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August 2014

Steve Schick Performs John Luther Adams at Mostly Mozart

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Among the orchestras, new music ensembles and violinists all taking part in this final week of Mostly Mozart, there was percussionist Steve Schick, who I first encountered during his Miller Theatre residency in January. As I remarked then, Schick is much more than just a talented musician: he is deeply committed to his craft, imbuing his performances with a transcendent, almost spiritual dimension. 

Schick was back in town on Wednesday to perform John Luther AdamsThe Mathematics of Resonant Bodies (2002): an unwieldy title for a work said to represent the “choirs of inner voices" hidden within the toneless instruments of the percussion family. As in January, Schick performed the entire 75 minute work - which Adams wrote for him - from memory, moving between seven different stations of percussion instruments. Aided by dramatic lighting that ranged from vibrant colors to near-darkness, Schick's playing was layered with simultaneous electronics, adding a supernatural "aura" to the proceedings. A bass drum rumbled like a terrifying thunderstorm. A giant gong resonated with the sanctity of a Buddhist temple. A rack of triangles mixed with electronics to produce a shrill, almost deafening peal. An air siren on slow-mo sounded like a propeller plane circling at low altitude. A row of cymbals cracked like the breaking of an Alaskan ice field.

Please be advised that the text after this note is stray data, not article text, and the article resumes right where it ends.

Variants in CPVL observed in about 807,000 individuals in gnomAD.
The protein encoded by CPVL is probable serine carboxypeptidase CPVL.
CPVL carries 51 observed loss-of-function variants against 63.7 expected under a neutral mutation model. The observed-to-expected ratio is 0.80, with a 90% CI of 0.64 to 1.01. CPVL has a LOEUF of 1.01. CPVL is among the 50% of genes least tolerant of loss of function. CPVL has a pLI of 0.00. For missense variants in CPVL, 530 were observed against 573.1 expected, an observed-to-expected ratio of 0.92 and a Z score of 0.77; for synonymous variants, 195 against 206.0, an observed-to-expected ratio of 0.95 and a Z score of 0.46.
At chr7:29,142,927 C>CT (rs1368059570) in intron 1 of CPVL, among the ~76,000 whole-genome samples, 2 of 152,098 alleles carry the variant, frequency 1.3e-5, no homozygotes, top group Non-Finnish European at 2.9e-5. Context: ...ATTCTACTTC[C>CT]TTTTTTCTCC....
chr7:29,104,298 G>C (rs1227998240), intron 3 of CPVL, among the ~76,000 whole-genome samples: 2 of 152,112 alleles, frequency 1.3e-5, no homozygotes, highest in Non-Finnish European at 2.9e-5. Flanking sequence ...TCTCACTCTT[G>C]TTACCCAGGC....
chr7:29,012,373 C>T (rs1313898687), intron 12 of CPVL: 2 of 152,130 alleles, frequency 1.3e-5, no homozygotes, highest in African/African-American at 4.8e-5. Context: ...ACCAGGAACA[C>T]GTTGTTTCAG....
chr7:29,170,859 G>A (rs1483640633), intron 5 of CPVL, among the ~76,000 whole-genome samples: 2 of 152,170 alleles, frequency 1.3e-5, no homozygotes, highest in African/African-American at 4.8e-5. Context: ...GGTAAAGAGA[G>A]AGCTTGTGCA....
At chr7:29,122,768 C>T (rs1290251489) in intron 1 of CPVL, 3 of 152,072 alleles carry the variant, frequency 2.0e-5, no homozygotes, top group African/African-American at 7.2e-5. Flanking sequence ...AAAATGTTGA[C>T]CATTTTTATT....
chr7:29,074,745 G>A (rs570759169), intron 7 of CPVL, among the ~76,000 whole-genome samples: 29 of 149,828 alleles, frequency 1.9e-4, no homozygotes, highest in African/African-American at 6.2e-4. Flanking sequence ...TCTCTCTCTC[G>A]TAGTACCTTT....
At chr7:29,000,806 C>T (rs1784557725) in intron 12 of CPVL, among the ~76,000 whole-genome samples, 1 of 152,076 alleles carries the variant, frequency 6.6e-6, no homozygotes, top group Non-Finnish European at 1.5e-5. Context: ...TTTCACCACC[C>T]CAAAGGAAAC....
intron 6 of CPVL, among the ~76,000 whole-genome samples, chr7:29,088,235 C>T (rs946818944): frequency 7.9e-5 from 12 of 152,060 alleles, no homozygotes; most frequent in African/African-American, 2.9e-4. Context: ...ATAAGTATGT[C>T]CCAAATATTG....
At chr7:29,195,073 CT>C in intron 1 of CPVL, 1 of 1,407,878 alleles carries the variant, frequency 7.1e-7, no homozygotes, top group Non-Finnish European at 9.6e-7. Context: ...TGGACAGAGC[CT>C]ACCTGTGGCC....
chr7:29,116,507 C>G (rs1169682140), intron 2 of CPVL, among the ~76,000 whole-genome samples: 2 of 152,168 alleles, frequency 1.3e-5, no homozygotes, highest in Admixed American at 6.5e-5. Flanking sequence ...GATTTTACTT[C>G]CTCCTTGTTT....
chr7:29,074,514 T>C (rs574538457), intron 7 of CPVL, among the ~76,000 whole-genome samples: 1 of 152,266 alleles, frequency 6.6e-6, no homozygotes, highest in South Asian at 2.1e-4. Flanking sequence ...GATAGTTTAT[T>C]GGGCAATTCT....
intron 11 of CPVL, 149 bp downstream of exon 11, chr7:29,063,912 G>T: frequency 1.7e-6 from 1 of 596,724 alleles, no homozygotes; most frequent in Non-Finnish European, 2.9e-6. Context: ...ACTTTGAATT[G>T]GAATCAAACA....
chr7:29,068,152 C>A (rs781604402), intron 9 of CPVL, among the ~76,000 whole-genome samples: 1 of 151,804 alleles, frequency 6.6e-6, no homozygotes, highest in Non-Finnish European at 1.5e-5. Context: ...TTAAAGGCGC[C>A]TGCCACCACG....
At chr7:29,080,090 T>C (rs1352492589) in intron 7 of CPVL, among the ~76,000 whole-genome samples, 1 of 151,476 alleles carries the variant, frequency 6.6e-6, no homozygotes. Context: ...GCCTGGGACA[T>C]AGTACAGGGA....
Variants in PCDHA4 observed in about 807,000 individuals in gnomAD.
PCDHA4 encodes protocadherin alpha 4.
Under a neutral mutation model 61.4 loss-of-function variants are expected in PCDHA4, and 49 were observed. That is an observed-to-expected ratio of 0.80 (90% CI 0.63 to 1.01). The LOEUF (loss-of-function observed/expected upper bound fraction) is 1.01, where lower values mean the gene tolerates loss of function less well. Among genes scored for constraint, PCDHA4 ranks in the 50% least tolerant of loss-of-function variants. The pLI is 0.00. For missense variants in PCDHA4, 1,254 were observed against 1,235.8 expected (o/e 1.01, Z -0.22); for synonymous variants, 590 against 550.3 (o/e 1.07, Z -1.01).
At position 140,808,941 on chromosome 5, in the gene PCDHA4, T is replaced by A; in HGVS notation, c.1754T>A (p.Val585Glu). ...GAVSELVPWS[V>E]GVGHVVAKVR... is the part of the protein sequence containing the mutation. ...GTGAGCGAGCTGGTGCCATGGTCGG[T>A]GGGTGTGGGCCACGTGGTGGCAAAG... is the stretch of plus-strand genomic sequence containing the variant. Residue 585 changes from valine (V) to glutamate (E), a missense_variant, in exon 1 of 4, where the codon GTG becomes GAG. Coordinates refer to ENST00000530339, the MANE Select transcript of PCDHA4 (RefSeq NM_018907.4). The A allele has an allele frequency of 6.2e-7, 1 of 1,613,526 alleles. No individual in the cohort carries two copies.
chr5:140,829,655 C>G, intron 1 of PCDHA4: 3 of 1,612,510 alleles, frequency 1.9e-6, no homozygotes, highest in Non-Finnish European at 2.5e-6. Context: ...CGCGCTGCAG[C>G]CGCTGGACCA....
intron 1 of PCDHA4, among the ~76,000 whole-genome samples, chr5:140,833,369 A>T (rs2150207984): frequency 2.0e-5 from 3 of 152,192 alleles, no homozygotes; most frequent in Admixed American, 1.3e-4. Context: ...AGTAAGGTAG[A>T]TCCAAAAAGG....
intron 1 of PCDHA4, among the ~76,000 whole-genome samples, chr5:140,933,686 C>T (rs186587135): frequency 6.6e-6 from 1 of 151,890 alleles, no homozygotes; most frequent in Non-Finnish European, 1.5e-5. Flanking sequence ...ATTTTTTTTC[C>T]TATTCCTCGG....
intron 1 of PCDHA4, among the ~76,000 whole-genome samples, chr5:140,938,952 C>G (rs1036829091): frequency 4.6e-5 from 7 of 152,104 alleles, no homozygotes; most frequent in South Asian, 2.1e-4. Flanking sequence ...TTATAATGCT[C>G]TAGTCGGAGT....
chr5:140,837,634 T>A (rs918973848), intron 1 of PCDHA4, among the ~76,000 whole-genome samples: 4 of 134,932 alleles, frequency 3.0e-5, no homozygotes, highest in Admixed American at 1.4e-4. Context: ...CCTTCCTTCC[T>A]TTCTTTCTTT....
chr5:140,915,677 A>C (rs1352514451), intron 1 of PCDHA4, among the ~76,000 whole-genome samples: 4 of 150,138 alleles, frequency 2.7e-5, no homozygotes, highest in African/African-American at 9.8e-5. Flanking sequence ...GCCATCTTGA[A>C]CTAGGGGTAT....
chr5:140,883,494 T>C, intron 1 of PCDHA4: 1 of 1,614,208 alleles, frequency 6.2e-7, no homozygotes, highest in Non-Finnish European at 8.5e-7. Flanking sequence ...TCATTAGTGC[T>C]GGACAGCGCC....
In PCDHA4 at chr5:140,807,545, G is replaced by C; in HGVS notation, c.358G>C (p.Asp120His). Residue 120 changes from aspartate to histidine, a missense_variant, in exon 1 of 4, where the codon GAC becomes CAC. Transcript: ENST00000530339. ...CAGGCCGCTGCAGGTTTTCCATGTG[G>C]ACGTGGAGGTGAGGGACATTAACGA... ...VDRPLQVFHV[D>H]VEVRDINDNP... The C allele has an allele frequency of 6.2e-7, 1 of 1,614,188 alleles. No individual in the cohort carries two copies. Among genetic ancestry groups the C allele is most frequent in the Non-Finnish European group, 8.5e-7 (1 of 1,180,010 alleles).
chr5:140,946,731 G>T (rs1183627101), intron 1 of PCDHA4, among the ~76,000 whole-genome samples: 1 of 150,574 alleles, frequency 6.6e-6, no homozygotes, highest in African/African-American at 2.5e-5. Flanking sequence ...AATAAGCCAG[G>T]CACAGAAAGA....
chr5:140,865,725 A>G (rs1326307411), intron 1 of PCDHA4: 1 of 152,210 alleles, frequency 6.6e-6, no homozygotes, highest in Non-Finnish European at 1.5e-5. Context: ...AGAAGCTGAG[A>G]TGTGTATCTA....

Adams, whose Sila: The Breath of the World opened this year's Mostly Mozart and who won the Pulitzer Prize earlier this year for Become Oceanseems to be having his moment, which he can now enjoy from his new home here in NYC. Unfortunately, New Yorkers will need to content ourselves with only occasional visits from Schick, who is ensconced on the west coast as a teacher, performer, and music director. Which makes appearances like Wednesday's, before an audience of less than 200 at the Clark Studio Theater, feel all the more miraculous. Come back soon, Steve.


Mostly Mozart: Patricia Kopatchinskaja plays Bach, Bartok, and Enescu

by Robert Leeper

444738-patricia-kopatchinskaja-120710As if to provide a soundtrack to the lightning storm crackling just outside the windows of the Stanley H. Kaplan Penthouse last night, violinist Patricia Kopatchinskaja dug into the dark variations of Bach’s Chaconne in D minor from his Partita No. 2., part of Mostly Mozart's “A Little Night Music” series. With its candlelit tables and complementary wine, the experience successfully mirrors the experience of intimate downtown clubs such as Le Poisson Rouge and SubCulture, blurring the line between high art and cocktail culture.

Kopatchinskaja, known as something of a wild child - she performed last night without shoes - was surprisingly subdued and emotionally dry at the outset. Quiet parts of the Chaconne came across as tentative and without substance. The scales and arpeggios that make this such an rewarding work would have benefited from a slower tempo with cleaner phrases, rather than a flurry of notes all with equal dynamics. 

Enescu’s "Menetrier" from Impressions d’enfance was played with minimal vibrato, perhaps in deference to Enescu’s own training by Gypsy violinists. But the harsh playing lacked romance, resulting in a rather staid performance.